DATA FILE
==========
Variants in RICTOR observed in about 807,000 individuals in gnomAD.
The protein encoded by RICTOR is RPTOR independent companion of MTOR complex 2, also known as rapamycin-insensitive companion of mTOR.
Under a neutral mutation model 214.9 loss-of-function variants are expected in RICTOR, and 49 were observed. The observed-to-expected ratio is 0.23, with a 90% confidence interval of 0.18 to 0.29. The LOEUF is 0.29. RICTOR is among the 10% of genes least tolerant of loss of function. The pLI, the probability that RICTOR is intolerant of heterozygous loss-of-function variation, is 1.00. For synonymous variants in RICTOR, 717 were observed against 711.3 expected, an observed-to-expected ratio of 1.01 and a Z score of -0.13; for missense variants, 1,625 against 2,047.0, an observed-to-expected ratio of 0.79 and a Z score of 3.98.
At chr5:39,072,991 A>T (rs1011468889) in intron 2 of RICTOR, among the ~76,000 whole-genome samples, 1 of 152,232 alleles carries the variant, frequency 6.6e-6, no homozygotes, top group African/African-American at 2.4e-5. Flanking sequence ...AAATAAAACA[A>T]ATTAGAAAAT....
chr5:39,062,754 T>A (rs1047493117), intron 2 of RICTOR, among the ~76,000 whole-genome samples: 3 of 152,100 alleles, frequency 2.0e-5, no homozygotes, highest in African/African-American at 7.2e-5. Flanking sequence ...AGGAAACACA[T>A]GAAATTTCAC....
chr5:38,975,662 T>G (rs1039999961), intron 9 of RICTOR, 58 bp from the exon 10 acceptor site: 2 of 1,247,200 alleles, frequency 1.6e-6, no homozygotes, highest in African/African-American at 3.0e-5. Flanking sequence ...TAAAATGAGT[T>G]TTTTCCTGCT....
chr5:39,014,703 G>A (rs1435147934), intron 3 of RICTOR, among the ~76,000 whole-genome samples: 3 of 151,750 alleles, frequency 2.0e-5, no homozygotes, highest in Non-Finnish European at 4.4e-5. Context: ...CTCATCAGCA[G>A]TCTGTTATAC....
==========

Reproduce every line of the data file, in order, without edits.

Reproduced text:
Variants in RICTOR observed in about 807,000 individuals in gnomAD.
The protein encoded by RICTOR is RPTOR independent companion of MTOR complex 2, also known as rapamycin-insensitive companion of mTOR.
Under a neutral mutation model 214.9 loss-of-function variants are expected in RICTOR, and 49 were observed. The observed-to-expected ratio is 0.23, with a 90% confidence interval of 0.18 to 0.29. The LOEUF is 0.29. RICTOR is among the 10% of genes least tolerant of loss of function. The pLI, the probability that RICTOR is intolerant of heterozygous loss-of-function variation, is 1.00. For synonymous variants in RICTOR, 717 were observed against 711.3 expected, an observed-to-expected ratio of 1.01 and a Z score of -0.13; for missense variants, 1,625 against 2,047.0, an observed-to-expected ratio of 0.79 and a Z score of 3.98.
At chr5:39,072,991 A>T (rs1011468889) in intron 2 of RICTOR, among the ~76,000 whole-genome samples, 1 of 152,232 alleles carries the variant, frequency 6.6e-6, no homozygotes, top group African/African-American at 2.4e-5. Flanking sequence ...AAATAAAACA[A>T]ATTAGAAAAT....
chr5:39,062,754 T>A (rs1047493117), intron 2 of RICTOR, among the ~76,000 whole-genome samples: 3 of 152,100 alleles, frequency 2.0e-5, no homozygotes, highest in African/African-American at 7.2e-5. Flanking sequence ...AGGAAACACA[T>A]GAAATTTCAC....
chr5:38,975,662 T>G (rs1039999961), intron 9 of RICTOR, 58 bp from the exon 10 acceptor site: 2 of 1,247,200 alleles, frequency 1.6e-6, no homozygotes, highest in African/African-American at 3.0e-5. Flanking sequence ...TAAAATGAGT[T>G]TTTTCCTGCT....
chr5:39,014,703 G>A (rs1435147934), intron 3 of RICTOR, among the ~76,000 whole-genome samples: 3 of 151,750 alleles, frequency 2.0e-5, no homozygotes, highest in Non-Finnish European at 4.4e-5. Context: ...CTCATCAGCA[G>A]TCTGTTATAC....